came to them, but of those who have arisen since and are passed on: "What our hand findeth to do, let us do with all our might." We might exercise great influence upon society, and these schools present an opportunity for employing any amount of talents which can be called forth.


Hint I.-Mark well the actions of men, and make them the prominent features of your lesson. Let such matters as geography, local manners and customs-chronology, natural history, and such like, occupy their right place, which is secondary. Not that any intelligent teacher can afford to neglect them; but that these are not to be compared in interest with the actions, the thoughts, the desires, and the hopes of men. History is more interesting than geography, and biography, if well told, than either. It is the human interest in them which makes dramas and works of fiction so fascinating, and a good teacher can always engage attention if he knows how to bring out vividly the action of his lesson. Besides this, the action of a lesson is that around which all spiritual truth centres. A teacher may drill his class in the geography or botany of Scripture, till they can read Palestine like a book; but such knowledge does not touch the heart, nor mould the character, nor save the soul. "A man is no nearer heaven," said old Fuller, "for having climbed to the top of Mount Tabor," -a saying which means more than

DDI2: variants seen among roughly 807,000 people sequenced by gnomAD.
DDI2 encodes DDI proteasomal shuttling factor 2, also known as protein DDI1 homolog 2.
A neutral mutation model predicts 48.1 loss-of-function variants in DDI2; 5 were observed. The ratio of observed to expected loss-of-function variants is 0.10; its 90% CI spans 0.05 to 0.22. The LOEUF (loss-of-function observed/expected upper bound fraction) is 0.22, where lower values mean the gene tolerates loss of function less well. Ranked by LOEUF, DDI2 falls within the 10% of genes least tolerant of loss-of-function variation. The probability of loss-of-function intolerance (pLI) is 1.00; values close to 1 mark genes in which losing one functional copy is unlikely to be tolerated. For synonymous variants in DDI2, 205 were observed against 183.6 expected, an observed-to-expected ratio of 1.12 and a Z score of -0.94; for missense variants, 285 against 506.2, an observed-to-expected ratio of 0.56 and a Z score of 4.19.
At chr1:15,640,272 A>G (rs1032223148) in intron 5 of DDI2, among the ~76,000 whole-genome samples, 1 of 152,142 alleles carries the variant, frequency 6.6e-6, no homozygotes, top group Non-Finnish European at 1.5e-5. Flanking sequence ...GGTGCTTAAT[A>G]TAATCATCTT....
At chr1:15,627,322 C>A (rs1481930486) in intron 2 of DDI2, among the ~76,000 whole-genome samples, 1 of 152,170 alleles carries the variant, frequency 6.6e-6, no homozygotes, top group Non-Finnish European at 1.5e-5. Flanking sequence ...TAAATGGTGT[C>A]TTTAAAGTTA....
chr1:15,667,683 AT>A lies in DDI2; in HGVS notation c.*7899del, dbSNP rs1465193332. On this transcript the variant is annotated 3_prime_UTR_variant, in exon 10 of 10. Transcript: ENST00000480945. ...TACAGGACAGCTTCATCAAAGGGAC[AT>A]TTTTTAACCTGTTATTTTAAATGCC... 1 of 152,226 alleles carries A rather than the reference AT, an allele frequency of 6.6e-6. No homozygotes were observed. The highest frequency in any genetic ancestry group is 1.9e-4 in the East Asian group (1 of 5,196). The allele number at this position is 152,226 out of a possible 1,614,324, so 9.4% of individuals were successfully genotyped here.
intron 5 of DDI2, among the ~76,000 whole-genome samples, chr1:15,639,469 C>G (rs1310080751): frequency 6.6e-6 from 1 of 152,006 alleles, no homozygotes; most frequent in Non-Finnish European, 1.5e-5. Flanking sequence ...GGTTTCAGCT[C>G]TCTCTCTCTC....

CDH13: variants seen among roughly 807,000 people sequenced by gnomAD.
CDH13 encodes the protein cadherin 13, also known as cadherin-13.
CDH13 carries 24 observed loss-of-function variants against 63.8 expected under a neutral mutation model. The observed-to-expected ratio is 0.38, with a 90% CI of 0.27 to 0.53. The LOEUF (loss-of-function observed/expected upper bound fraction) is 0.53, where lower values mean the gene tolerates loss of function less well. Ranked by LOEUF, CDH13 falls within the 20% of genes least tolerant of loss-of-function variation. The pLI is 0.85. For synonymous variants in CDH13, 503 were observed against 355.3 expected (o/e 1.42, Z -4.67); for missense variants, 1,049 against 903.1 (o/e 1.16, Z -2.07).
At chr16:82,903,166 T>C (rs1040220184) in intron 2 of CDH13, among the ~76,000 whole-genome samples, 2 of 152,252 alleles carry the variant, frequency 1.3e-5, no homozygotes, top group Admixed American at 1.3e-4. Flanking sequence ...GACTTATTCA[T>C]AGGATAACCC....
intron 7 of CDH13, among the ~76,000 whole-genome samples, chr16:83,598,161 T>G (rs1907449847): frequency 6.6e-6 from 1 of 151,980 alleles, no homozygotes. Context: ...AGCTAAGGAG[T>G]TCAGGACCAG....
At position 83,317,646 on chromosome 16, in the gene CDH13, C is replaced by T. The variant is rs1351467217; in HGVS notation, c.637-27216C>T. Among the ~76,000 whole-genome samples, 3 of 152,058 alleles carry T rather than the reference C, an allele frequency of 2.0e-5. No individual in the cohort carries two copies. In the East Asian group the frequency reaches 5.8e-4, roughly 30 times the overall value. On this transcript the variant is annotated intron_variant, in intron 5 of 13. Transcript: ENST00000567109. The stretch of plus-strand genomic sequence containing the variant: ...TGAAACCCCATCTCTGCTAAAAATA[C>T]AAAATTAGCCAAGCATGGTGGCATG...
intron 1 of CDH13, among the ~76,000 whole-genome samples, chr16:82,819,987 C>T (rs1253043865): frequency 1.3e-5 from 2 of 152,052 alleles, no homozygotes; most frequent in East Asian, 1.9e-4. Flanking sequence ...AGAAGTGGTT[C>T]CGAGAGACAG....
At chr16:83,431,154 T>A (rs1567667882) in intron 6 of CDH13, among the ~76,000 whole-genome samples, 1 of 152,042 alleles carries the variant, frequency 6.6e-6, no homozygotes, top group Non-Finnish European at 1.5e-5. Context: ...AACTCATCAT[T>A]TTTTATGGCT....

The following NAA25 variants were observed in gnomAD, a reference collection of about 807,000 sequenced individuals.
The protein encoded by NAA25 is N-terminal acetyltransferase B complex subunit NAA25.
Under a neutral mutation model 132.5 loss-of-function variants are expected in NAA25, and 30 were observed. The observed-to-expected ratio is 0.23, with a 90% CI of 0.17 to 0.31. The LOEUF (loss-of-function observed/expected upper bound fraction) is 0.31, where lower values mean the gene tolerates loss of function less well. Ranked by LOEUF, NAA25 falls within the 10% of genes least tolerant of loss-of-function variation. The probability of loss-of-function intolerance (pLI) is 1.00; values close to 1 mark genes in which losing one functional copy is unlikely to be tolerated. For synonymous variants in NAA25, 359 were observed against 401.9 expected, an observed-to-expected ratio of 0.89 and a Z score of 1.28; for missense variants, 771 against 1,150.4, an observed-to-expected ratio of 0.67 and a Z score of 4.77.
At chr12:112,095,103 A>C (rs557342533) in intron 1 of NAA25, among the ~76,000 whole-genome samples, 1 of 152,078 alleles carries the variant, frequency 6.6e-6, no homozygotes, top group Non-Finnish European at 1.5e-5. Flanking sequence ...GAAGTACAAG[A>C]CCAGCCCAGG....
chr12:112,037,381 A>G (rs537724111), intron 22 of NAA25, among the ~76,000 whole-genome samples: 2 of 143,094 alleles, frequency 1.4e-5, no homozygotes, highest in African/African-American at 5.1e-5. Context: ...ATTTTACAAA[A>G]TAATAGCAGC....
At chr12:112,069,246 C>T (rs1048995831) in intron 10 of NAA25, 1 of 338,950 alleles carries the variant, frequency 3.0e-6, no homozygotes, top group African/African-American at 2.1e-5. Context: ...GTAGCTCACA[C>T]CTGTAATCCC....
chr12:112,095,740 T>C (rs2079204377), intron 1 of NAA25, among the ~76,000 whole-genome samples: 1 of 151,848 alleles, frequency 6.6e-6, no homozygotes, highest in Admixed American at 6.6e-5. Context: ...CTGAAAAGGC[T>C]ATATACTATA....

would appear at first sight, and is much to be pondered now-a-days.

Hint II.-Always illustrate your lesson from the scenes and circumstances of modern life. Men are fundamentally the same in every age, and under every variety of circumstance and condition. The most important actions of the lives of men in our day have precisely their counterpart in the actions recorded of shepherds, and patriarchs, and kings, and common people, in the Bible. We eat and drink, and sleep, and labour, and travel; we cultivate the ground, we buy and sell, and marry and give in marriage; children are born and grow up, die, or play their part as women and men; we are sick, we grow old, we pass away, and all as did David, or Joshua, or Abraham, long ago. The history of the world, in fact, is continually repeating itself, and thus regarded we see the force of Solomon's pregnant saying, "There is nothing new under the sun."